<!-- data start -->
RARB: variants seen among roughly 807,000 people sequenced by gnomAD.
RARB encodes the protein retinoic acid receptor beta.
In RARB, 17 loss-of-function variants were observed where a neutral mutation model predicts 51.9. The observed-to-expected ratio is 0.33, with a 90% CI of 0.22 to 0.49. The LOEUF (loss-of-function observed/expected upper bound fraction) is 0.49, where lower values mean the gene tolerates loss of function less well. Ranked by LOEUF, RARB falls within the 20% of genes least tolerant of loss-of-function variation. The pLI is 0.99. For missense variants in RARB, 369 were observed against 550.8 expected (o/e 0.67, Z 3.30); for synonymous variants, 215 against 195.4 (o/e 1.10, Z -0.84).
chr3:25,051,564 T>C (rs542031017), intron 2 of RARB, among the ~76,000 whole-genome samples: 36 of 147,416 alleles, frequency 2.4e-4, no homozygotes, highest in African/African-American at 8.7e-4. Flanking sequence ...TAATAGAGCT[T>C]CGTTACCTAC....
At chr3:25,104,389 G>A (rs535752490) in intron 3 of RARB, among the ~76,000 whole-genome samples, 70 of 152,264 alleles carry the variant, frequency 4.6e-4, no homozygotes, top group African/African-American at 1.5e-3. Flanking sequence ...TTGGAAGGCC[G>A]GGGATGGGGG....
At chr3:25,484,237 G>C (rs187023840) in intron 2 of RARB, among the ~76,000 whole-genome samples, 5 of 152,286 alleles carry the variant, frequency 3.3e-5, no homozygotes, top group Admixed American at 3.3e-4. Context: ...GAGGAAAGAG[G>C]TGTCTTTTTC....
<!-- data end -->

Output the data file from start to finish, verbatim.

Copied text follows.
RARB: variants seen among roughly 807,000 people sequenced by gnomAD.
RARB encodes the protein retinoic acid receptor beta.
In RARB, 17 loss-of-function variants were observed where a neutral mutation model predicts 51.9. The observed-to-expected ratio is 0.33, with a 90% CI of 0.22 to 0.49. The LOEUF (loss-of-function observed/expected upper bound fraction) is 0.49, where lower values mean the gene tolerates loss of function less well. Ranked by LOEUF, RARB falls within the 20% of genes least tolerant of loss-of-function variation. The pLI is 0.99. For missense variants in RARB, 369 were observed against 550.8 expected (o/e 0.67, Z 3.30); for synonymous variants, 215 against 195.4 (o/e 1.10, Z -0.84).
chr3:25,051,564 T>C (rs542031017), intron 2 of RARB, among the ~76,000 whole-genome samples: 36 of 147,416 alleles, frequency 2.4e-4, no homozygotes, highest in African/African-American at 8.7e-4. Flanking sequence ...TAATAGAGCT[T>C]CGTTACCTAC....
At chr3:25,104,389 G>A (rs535752490) in intron 3 of RARB, among the ~76,000 whole-genome samples, 70 of 152,264 alleles carry the variant, frequency 4.6e-4, no homozygotes, top group African/African-American at 1.5e-3. Flanking sequence ...TTGGAAGGCC[G>A]GGGATGGGGG....
At chr3:25,484,237 G>C (rs187023840) in intron 2 of RARB, among the ~76,000 whole-genome samples, 5 of 152,286 alleles carry the variant, frequency 3.3e-5, no homozygotes, top group Admixed American at 3.3e-4. Context: ...GAGGAAAGAG[G>C]TGTCTTTTTC....